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12

Yes it is, but I wouldn't recommend it as it's a bit tricky ;) First possibility: <?php $some_var1="1"; $some_var2="2"; function($param1, $param2) use ($some_var1, $some_var2) { call_user_func(__FUNCTION__, $other_param1, $other_param2); } ?> Another one: <?php $recursive = function () use (&$recursive){ // The function is now ...


9

You cannot define the Y combinator like that in Haskell. As you noticed, that results in an infinite type. Fortunately, it is already available in Data.Function as fix, where it's defined using a let binding: fix f = let x = f x in x


7

This is a bug in the Mono compiler. It violates section §12.3.3 of the specification. The variable fib cannot be used in the variable initializer, because it isn't definitely assigned.


7

As I noted in a comment above, if Mono does that then they have a bug. The spec is clear that this is supposed to be detected as an error. The bug is of course mostly harmless, and most of the time does what you want. We've considered changing the rules to make this sort of recursion legal; basically we'd have to add a special case to the spec that says that ...


7

Because the Y combinator needs infinite types, you'll need workarounds like this one. But I'd write your msss function as a one-liner like this: msss = fst . foldr (\x (gmax, lmax) -> let g = max (lmax + x) in (g gmax, g 0)) (0, 0)


6

Well let's think about it for a minute. What type does this lambda expression have? (\y f x -> f (y y f) x) Well f is a function (a -> b) -> a -> b, and x is some value b. What does that make y? Well given what we just said about f, (y y f) :: (a -> b) Also, since we are applying this expression to itself, we know that y has the same ...


3

You can find more information about recursive lambda expressions in this blog post by Mads Torgersen. He shows how to define the usual fixed point combinator. He uses factorial function as an example, so you can find your exact sample there :-). However, in practice, you can just define a local Func<..> variable and then mutate it. If you want to give ...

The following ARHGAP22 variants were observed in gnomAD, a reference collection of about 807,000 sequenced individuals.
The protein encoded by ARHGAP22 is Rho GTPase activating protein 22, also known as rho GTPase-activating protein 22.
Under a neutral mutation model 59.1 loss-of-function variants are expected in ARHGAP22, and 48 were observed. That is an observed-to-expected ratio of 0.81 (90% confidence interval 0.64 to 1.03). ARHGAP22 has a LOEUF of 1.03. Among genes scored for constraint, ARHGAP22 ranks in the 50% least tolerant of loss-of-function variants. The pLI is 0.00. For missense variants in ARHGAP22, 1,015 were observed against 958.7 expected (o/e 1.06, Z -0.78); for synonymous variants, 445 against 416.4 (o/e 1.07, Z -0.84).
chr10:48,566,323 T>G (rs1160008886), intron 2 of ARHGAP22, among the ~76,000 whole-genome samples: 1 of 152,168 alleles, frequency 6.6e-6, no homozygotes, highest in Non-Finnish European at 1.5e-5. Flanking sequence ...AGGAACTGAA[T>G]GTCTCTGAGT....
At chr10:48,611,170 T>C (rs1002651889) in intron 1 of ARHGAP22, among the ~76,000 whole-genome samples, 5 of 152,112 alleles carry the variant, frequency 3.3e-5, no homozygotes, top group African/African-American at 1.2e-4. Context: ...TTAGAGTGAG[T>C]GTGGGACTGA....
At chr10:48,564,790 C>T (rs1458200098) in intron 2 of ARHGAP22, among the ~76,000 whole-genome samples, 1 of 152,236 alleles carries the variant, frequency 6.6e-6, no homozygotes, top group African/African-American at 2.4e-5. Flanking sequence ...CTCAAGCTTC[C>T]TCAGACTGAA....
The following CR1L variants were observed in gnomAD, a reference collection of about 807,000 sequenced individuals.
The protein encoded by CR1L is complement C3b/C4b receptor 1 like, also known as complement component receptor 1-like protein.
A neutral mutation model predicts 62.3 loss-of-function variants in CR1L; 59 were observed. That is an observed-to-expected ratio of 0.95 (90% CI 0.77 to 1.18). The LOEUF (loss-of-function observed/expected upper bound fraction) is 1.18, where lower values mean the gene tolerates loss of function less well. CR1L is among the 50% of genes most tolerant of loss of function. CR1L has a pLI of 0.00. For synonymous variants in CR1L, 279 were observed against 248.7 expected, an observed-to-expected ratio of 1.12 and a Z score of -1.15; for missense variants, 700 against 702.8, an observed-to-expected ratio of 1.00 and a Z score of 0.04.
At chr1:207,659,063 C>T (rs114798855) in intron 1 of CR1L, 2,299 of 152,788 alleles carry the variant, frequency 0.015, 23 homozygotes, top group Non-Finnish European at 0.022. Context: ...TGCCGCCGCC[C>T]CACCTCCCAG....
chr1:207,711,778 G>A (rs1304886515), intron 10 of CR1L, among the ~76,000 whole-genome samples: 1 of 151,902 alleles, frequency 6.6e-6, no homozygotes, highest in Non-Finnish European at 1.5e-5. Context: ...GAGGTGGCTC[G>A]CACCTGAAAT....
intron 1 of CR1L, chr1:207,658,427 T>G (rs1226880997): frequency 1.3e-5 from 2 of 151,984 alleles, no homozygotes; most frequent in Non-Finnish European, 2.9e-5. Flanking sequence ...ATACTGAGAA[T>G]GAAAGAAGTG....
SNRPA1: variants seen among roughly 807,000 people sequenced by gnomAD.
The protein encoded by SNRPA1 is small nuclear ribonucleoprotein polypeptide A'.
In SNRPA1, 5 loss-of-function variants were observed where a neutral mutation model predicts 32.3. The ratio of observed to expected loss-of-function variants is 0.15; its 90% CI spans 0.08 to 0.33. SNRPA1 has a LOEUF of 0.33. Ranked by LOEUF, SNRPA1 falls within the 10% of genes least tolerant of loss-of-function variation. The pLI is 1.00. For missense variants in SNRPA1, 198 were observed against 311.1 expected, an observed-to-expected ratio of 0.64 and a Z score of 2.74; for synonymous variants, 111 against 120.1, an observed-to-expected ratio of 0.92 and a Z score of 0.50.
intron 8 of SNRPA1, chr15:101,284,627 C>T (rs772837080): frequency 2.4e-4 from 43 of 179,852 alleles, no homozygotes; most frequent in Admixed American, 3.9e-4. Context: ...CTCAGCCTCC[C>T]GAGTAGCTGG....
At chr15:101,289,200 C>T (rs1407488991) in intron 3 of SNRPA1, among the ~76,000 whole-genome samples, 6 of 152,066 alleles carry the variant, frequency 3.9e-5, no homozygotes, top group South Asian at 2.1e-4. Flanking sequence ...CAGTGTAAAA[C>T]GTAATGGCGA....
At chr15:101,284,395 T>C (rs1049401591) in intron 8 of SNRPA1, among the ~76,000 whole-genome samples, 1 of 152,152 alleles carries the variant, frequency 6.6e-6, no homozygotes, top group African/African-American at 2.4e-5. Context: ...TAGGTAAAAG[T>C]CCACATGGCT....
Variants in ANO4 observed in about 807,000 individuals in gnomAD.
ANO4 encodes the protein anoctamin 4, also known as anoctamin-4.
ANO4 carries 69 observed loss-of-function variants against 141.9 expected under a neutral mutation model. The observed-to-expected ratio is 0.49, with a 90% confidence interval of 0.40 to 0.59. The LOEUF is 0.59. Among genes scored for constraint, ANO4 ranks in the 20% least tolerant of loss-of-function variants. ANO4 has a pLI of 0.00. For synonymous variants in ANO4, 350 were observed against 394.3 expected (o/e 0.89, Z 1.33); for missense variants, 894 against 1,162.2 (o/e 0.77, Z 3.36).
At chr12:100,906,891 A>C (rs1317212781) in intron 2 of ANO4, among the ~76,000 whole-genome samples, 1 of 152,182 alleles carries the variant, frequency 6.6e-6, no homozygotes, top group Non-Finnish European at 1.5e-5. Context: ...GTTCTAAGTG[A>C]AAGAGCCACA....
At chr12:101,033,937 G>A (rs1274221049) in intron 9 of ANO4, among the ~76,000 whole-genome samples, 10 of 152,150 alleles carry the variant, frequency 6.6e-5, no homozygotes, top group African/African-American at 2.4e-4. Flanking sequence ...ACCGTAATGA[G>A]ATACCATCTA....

3

try this... Func<int, int> fib = null; fib = n => n > 1 ? fib(n - 1) + fib(n - 2) : n; ... The problem is that fib isn't defined when you try to use it in the above method so the static analyzer reports a compiler error.


3

If you have a working procedure, converting to anonymous procedures is relatively straightforward and mechanical. Give each lambda an extra argument, which is "itself", and duplicate the procedure. So (define (add-list list) (if (empty? list) 0 (+ (first list) (add-list (rest list))))) Becomes (λ(list) (if (empty? list) 0 (+ (first list) ...


2

The answer is complicated but not impossible. It took me several minutes to figure out. We first must define a utility function called $combinator(). The solution to your problem: $combinator( function($self) { function() use (&$self) { $chars = range(0, 9); $chars[] = ' '; length = 6; $count = count($chars); $string = ''; ...


1

A much saner method to do the same thing. Requires only one loop as well. $chars = array_merge(range(0, 9), array(' ')); $string = mt_rand(0, 9); for ($i = 1; $i <= 4; $i++) { $string .= $chars[array_rand($chars)]; } $string .= mt_rand(0, 9); Sorry for sidestepping the actual question though.


1

It seems that, in my excitement, I was fundamentally mistaken. Neither .NET nor Mono provides "Anonymous Recursion" in the way that the original article means. You could not pass around fib as a self-contained entity. Check out the following sequence in the Mono C# REPL: csharp> Func<int, int> fib = n => n > 1 ? fib(n - 1) + fib(n - 2) : n; ...



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